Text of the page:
Wednesday, July 06, 2005


Where's the antiwar movement?

There is an interesting article by Scott McConnell in the latest issue of The American Conservative.1 "How They Get Away With It" tries to ferret out why the current antiwar movement is so lame—
There were no major antiwar demonstrations this spring, no campuses shut down by protest, no marches on Washington big enough to notice. In the capital itself, a journalist can go to cocktail parties full of foreign-policy establishment types, all prudently opposed to the war, their talk spiked by witticisms about the failings and hypocrisy of the Bushites.

And McConnell sees the absence of a strong antiwar movement as the equivalent of giving the Bush administration carte blanche

The failure of Americans to generate a politically significant domestic opposition to the war is now one of the most important developments in world politics. It means that the Bush administration can contemplate, without any fear of adverse domestic political consequences, expansion of its war to Syria or a large-scale bombing of Iran. The only constraints on its behavior are international.

I hope that is overstated. While the Iraq invasion boosted Bush's poll numbers, I'm not so sure the trick will work again. A crisis would have to be manufactured such as "Fanatic Iranian about to obtain nuclear weapons" or "Syria conspires to aid the Iraqi resistance." But the public has begun to cast a jaundiced eye on the news coming from the White House.

In any case, McConnell attributes the current passivity to—

1. Absence of a draft

We fight in Iraq with a volunteer Army, working-class in origin—men and women who may have signed up originally for good pay and benefits or the possibility of a college education they couldn’t otherwise afford. The professional class is hardly represented, the political class not at all. Unlike the 1960s, the children of the establishment don’t have to calculate how they will avoid service or maneuver to find safe spots in the National Guard. This changes the political atmosphere on campus considerably, where there is now as much a likelihood of unrest about something to do with gays and lesbians or the wages of janitors as an aggressive war.

2. Greater economic insecurity

This was [in the 60s] a political economy that not only allowed dissent, but indeed one that seemed to make it, in economic terms, nearly cost-free. The contrast with the present day—where one hears continually from those with a stake in the middle-class that dissent is something only the wealthy (or very poor) can afford—could not be more striking.

3. The rightward turn of Jewish political leaders

Of course, it is true that most American Jews are still politically liberal and a majority now tell pollsters they oppose the Iraq War. But this is beside the point. Nowadays, political passion, engagement, and activism are as likely to be found on the Jewish Right—at least a Right favoring a pro-war, pro-imperialist (and very pro-Israel) foreign policy—as they are on the Left. Nothing could be more different from 1968.

4. The rise of the Christian Soldiers—the evangelicals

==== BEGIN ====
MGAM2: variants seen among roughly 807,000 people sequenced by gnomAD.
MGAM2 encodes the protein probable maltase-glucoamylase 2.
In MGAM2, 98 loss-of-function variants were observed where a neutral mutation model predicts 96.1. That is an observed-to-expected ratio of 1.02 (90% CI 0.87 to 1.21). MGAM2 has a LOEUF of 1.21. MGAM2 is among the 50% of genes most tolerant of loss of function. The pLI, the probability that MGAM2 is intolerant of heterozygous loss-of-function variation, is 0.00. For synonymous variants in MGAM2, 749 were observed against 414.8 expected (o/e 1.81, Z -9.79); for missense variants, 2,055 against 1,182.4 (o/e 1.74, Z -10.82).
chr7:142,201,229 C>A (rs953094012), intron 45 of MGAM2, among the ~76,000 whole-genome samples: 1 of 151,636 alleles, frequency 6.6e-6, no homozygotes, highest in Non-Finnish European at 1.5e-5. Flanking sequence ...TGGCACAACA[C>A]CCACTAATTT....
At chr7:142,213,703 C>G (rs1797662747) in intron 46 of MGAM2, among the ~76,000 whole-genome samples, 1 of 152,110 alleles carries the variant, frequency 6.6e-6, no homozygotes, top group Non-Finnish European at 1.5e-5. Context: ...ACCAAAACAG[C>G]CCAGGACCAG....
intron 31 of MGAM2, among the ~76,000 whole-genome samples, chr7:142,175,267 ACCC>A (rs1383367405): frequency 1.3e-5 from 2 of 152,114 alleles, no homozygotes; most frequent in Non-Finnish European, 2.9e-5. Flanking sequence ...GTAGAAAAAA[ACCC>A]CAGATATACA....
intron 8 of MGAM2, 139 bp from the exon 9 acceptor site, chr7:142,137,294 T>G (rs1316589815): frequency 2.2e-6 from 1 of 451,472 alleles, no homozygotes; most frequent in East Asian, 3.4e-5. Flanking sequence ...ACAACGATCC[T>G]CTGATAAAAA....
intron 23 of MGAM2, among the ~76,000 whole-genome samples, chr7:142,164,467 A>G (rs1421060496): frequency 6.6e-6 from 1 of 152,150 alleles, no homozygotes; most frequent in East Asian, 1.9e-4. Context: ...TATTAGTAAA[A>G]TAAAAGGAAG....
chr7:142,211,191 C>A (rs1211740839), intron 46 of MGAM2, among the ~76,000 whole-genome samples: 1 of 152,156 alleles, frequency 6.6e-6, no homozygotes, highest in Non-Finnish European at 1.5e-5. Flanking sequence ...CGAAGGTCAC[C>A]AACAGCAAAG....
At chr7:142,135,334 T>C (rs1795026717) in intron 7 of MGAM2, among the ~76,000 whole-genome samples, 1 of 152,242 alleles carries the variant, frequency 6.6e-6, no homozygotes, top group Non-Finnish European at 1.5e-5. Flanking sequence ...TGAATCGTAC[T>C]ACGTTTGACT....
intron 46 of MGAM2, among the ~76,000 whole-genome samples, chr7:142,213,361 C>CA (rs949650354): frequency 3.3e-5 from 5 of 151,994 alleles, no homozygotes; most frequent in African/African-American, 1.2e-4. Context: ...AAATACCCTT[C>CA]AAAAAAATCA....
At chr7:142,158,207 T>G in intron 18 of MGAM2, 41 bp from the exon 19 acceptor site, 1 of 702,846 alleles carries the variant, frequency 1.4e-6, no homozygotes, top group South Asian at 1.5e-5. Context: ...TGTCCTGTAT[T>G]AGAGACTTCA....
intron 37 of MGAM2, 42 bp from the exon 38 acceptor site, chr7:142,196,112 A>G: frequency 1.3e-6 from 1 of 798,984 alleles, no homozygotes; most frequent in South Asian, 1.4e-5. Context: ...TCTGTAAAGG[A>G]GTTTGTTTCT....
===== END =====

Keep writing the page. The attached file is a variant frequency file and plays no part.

With the ... decline in political numbers and influence of the mainline Protestant churches, this increased energy on the evangelical Right changed dramatically the way most American Christians regard war. In the hands of evangelicals, Just War principles became, in Bacevich’s words, “not a series of stringent tests but a signal: not a red light, not even a flashing yellow, but a bright green that relieved the Bush administration of any obligation to weigh seriously the moral implications of when and where it employed coercion.”

And thus, in the developed world’s most devout country, Christian witness against war “became less effective than in countries thoroughly and probably irreversibly secularized.” Evangelicals have in great part transformed the Christian view of Just War into a crusade theory in which the United States is believed to embody God’s will and its enemies are “God’s enemies.”

Up to this point I'm with McConnell all the way. Then he makes a remarkable statement—

For those yearning for a revival of a peace movement that might slow down this administration, there is nothing reassuring about this analysis. It is far from clear that even the revival of the draft could ignite the kind of campus protest that would make an impression on Congress and the administration. Where would the leaders of campus protest come from? For if they are less likely, given the rise of neoconservatism, to come from ranks of activist Jews, it is even more implausible to imagine them emerging from the remains of the WASP establishment, whose children are not the academic and social leaders on the nation’s elite campuses. It is perhaps only slightly more likely to come from the new Asian immigrant groups, who are generally still focused on professional advancement or purely ethnic concerns. And only the wooliest of neo-Marxist romantics can see it emerging from the poor or working classes.

I guess that's what makes him a Conservative and me a ... well, whatever. When you can only imagine leaders coming from the ranks of activist Jews or the WASP establishment, you naturally slump into depression.

And I'm not sure it matters whose children are the current leaders on the nation's campuses, elite or otherwise. It may be that those who opposed the Vietnam War will just have to return to activism, as unwelcome as that may be. As for leaders, if we can't find anyone who'll do from the American lower or middle classes, maybe we can hire a Brit. George Galloway's coming in September.


1The magazine was founded by McConnell, Pat Buchanan and a columnist for the London Spectator Taki. The first issue came out in September 2002. It is antiwar and anti-neocon. [back]

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